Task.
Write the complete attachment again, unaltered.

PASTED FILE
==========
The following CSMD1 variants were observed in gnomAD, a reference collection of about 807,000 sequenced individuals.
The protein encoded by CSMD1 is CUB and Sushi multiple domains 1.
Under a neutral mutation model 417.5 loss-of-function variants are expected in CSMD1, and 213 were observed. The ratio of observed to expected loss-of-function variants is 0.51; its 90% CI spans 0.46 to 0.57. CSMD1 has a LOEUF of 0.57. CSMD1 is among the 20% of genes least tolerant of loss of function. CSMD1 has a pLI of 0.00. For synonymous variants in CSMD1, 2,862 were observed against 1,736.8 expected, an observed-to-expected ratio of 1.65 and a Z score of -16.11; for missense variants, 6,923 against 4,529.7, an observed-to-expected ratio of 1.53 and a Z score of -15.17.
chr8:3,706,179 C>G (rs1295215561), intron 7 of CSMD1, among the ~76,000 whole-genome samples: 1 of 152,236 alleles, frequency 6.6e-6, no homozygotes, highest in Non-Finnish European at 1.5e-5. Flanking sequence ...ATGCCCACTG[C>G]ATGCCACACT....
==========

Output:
The following CSMD1 variants were observed in gnomAD, a reference collection of about 807,000 sequenced individuals.
The protein encoded by CSMD1 is CUB and Sushi multiple domains 1.
Under a neutral mutation model 417.5 loss-of-function variants are expected in CSMD1, and 213 were observed. The ratio of observed to expected loss-of-function variants is 0.51; its 90% CI spans 0.46 to 0.57. CSMD1 has a LOEUF of 0.57. CSMD1 is among the 20% of genes least tolerant of loss of function. CSMD1 has a pLI of 0.00. For synonymous variants in CSMD1, 2,862 were observed against 1,736.8 expected, an observed-to-expected ratio of 1.65 and a Z score of -16.11; for missense variants, 6,923 against 4,529.7, an observed-to-expected ratio of 1.53 and a Z score of -15.17.
chr8:3,706,179 C>G (rs1295215561), intron 7 of CSMD1, among the ~76,000 whole-genome samples: 1 of 152,236 alleles, frequency 6.6e-6, no homozygotes, highest in Non-Finnish European at 1.5e-5. Flanking sequence ...ATGCCCACTG[C>G]ATGCCACACT....